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Claire Alford

Claire Alford

A Native Perspective

Public Health major Claire Alford is working to expand Native American student organizations on campus

Public Health major Claire Alford is working to expand Native American student organizations on campus

In true Santa Clara fashion, public health major Claire Alford ’25 is looking to have a positive impact on others within our community. As a Native American student at SCU, she is working with a group of fellow students, faculty and staff to start a Santa Clara chapter of the American Indian Science and Engineering Society, for which she is a national member. Excited and eager to bring together the Native American and Indigenous communities on campus, we asked her some questions about the work she is doing and her experience as a Native American at SCU.

Which tribe(s) are you a part of?

I am a descendant of the Absentee Shawnee Tribe of Indians. My father and I enjoy learning about and preserving our Shawnee family history. My ancestor Thomas Wildcat Alford documented his experiences in the United States in a book, and I am a direct descendant of Tecumseh!

What drew you to SCU?

After seeing the collaborative, innovative, and passionate atmosphere at SCU, I knew it was the place for me! I was drawn to SCU by the caring faculty, extensive emphasis on making the world a better place, and opportunities to pursue any passions I might have. SCU is a place where my days are filled with meaningful community service, extracurricular involvement, scientific discovery, and mentorship from faculty that want to see me succeed!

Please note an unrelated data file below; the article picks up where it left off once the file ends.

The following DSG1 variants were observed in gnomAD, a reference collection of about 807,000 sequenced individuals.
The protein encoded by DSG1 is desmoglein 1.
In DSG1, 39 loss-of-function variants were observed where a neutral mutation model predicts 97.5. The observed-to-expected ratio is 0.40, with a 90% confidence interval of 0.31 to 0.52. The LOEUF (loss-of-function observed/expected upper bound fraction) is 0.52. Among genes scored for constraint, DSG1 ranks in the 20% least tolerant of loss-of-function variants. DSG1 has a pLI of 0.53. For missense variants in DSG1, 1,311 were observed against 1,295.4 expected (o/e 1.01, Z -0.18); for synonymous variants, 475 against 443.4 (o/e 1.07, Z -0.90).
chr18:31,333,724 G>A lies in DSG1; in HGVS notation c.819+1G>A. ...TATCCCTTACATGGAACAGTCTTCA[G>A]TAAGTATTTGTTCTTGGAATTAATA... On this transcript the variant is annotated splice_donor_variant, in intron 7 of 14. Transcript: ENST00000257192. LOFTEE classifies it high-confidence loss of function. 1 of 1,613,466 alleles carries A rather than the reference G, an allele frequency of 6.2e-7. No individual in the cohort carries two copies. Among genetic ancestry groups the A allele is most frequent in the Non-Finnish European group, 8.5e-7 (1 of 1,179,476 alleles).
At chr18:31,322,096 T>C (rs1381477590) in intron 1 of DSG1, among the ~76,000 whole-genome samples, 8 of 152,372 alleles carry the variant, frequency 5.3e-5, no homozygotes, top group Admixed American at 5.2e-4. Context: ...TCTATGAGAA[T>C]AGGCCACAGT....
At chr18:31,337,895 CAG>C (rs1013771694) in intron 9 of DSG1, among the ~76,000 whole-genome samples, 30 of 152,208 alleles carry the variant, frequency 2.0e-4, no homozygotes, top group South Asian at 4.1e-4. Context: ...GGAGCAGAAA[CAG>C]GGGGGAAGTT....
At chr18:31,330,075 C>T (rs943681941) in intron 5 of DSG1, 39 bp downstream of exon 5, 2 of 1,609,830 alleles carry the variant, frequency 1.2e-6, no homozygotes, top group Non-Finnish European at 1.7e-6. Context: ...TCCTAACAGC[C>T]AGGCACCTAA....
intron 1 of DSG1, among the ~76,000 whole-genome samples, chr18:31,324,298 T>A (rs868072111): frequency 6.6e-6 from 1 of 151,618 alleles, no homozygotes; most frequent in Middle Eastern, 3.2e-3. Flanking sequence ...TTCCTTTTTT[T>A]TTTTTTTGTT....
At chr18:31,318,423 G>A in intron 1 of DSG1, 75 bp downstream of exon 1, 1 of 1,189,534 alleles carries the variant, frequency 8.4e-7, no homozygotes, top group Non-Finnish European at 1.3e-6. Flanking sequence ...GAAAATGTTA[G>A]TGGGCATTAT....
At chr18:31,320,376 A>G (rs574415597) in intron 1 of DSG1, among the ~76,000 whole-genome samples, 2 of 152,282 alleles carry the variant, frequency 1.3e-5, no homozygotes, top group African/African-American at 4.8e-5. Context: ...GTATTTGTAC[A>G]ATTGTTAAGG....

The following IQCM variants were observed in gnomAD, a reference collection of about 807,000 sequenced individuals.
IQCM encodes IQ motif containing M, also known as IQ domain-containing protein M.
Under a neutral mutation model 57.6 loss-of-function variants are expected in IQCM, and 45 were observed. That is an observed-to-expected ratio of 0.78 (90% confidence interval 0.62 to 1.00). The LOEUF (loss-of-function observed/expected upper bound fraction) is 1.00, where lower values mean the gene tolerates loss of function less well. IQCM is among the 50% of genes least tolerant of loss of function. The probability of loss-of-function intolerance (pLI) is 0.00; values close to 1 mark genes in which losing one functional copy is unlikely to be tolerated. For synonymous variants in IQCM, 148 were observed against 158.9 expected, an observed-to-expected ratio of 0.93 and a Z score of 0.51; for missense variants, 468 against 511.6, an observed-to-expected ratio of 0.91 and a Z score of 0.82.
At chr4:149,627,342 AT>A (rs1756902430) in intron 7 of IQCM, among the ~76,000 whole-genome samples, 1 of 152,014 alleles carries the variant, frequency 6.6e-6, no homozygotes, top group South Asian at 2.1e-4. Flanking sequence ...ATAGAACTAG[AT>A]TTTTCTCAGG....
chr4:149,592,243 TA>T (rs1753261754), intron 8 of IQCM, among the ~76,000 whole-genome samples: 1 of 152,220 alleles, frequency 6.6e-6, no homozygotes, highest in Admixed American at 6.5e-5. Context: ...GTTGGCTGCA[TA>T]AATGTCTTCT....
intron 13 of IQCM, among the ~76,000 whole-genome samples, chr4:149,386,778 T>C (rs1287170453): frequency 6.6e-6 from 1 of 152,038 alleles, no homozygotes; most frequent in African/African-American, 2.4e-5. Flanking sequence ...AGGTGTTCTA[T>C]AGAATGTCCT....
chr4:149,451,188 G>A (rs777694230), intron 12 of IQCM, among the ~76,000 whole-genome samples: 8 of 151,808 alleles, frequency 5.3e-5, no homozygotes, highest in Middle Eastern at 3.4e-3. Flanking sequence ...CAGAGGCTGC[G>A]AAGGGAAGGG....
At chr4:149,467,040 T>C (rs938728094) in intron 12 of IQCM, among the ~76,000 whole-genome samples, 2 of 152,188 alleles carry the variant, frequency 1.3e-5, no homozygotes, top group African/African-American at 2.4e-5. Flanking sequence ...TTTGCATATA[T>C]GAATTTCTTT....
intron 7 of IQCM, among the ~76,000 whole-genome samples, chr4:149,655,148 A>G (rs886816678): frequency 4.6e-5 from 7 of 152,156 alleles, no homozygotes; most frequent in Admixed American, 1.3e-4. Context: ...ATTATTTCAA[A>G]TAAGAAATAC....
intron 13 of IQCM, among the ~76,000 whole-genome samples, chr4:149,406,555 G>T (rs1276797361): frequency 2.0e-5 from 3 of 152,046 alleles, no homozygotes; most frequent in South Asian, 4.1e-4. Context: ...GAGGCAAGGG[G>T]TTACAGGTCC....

How long have you been involved in NACC at SCU?

I have been involved with the Native American Coalition for Change (NACC) at SCU since September of 2021. I am excited to be a part of NACC and foster a welcoming community for Indigenous students and all students on campus! NACC has profound potential for growth, and I have already seen its powerful impacts on the SCU community. I cannot wait to see how NACC brings the community together this year and continues to be a force for good through service!

Why are you interested in starting a chapter for AISES at SCU?

As a national member of AISES, I have seen the extensive opportunities for personal, academic, and professional growth provided to the AISES community. I want to bring those opportunities for growth and a sense of community between Indigenous students in STEM to SCU! Having an AISES chapter at SCU would give STEM, Indigenous, and all students the chance to attend leadership seminars, network, prepare for a career in STEM, share their culture, and give back to the community in a meaningful way as part of a strong national network.

Anything else you'd like to share about being a Native American at SCU?

Happy Native American Heritage Month! I am glad to be a Native American student at SCU, where I can share my own heritage and continue to learn about the experiences and cultures of others. I am grateful for the chance to make my voice heard as a Native American student at SCU, which will allow me to leave a positive impact on the community and amplify other Indigenous voices. I am excited for a great four years here!

 

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Valeriote Goldman Symposium: Public Health & Social Justice